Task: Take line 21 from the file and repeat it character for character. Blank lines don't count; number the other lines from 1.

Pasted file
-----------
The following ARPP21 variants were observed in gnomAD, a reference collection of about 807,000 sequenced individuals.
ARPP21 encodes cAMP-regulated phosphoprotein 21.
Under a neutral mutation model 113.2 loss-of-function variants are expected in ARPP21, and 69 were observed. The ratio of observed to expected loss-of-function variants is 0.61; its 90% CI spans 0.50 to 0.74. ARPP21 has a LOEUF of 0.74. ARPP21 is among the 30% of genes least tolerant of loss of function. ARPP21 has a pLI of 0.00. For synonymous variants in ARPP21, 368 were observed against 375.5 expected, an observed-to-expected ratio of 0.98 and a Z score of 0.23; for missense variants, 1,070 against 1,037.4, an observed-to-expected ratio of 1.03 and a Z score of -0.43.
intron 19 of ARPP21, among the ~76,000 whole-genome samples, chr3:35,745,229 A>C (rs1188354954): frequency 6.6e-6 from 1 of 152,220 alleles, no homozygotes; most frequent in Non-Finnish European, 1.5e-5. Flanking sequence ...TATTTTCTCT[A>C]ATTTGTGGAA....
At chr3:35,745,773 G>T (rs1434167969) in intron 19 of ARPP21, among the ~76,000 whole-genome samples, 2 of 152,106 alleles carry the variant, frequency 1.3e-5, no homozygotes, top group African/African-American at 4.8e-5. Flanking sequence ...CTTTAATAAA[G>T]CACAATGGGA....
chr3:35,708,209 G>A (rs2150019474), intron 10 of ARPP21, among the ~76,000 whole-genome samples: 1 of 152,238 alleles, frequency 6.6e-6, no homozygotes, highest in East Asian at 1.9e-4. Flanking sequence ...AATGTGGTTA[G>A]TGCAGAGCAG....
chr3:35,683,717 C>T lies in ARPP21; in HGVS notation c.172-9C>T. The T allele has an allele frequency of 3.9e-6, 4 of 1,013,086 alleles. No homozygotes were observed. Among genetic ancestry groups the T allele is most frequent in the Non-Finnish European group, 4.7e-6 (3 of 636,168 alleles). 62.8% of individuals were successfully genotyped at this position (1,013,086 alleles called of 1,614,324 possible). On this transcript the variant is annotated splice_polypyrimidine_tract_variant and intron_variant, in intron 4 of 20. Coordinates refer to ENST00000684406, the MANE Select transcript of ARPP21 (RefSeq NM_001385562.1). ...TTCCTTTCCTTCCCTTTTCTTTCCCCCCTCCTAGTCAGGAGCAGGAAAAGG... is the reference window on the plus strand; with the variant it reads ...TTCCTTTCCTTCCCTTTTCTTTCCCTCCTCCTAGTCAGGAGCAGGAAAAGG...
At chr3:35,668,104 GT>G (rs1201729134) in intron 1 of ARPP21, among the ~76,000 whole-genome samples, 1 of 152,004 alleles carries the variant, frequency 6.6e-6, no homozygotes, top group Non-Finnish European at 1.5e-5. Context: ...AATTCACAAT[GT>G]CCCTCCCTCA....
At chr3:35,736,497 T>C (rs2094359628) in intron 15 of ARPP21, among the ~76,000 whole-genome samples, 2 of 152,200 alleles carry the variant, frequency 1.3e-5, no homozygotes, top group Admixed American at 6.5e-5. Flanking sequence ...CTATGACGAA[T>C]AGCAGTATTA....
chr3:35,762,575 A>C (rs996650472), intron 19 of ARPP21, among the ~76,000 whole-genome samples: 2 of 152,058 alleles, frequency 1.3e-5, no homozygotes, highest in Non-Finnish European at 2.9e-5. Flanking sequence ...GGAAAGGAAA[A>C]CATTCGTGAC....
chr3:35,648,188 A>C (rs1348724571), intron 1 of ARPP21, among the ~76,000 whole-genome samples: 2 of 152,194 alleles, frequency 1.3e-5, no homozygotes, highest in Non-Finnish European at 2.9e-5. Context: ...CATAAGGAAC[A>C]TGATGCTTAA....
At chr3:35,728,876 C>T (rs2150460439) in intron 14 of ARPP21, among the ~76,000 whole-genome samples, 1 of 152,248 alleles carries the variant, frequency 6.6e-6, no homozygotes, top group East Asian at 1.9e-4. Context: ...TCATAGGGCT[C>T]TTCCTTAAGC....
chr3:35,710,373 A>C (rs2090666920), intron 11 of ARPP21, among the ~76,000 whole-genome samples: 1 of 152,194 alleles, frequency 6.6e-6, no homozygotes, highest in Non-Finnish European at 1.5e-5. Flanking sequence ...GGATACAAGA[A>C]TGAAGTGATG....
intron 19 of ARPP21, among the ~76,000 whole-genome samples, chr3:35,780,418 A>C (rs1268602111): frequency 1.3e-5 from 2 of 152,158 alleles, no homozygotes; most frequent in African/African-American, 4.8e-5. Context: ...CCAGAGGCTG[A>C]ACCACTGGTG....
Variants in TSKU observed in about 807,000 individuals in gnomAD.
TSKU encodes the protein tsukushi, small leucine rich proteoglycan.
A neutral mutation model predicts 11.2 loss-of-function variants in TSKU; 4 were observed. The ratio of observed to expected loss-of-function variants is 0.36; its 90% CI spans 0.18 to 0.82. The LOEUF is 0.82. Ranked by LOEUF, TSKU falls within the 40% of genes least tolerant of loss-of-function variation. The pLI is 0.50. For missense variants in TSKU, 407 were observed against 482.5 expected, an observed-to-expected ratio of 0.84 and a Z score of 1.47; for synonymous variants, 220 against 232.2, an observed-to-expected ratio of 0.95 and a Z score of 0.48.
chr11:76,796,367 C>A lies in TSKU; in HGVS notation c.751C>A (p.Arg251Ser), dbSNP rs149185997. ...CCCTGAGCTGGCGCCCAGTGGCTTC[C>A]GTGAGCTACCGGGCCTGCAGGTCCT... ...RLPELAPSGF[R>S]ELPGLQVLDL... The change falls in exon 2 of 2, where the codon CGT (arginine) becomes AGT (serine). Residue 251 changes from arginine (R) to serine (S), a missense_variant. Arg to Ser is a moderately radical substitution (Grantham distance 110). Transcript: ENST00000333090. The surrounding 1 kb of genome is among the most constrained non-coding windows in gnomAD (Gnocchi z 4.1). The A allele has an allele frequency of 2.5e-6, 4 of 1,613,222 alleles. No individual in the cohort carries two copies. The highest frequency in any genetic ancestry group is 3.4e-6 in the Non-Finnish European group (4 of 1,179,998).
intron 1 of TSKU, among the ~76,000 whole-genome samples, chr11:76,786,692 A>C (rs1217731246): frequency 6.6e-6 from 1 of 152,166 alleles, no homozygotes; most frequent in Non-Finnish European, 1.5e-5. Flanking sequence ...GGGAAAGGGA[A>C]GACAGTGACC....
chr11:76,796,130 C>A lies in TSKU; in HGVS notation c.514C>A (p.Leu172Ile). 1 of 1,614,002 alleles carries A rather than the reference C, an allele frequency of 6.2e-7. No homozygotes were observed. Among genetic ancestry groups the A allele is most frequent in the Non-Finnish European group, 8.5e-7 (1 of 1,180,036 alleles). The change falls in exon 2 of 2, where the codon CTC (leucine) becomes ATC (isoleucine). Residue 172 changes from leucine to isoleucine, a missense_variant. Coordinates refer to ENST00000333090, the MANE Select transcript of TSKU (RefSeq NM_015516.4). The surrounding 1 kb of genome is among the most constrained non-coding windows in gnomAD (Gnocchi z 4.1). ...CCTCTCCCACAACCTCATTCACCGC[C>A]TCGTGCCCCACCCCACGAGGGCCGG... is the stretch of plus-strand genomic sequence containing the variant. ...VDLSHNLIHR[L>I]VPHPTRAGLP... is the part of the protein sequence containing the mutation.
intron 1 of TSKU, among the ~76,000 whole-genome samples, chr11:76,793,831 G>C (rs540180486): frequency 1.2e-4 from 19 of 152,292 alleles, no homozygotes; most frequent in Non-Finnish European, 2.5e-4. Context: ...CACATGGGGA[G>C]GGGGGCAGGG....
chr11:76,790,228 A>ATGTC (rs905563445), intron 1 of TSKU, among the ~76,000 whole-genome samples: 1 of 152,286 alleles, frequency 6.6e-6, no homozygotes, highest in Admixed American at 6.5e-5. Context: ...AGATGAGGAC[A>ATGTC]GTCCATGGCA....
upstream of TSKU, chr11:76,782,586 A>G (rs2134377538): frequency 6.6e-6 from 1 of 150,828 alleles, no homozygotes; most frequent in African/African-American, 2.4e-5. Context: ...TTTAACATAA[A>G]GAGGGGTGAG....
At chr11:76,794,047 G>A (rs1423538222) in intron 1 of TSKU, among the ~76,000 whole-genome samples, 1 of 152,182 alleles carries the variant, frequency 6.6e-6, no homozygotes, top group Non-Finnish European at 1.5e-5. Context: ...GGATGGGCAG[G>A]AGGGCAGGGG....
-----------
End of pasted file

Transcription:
intron 1 of TSKU, among the ~76,000 whole-genome samples, chr11:76,793,831 G>C (rs540180486): frequency 1.2e-4 from 19 of 152,292 alleles, no homozygotes; most frequent in Non-Finnish European, 2.5e-4. Context: ...CACATGGGGA[G>C]GGGGGCAGGG....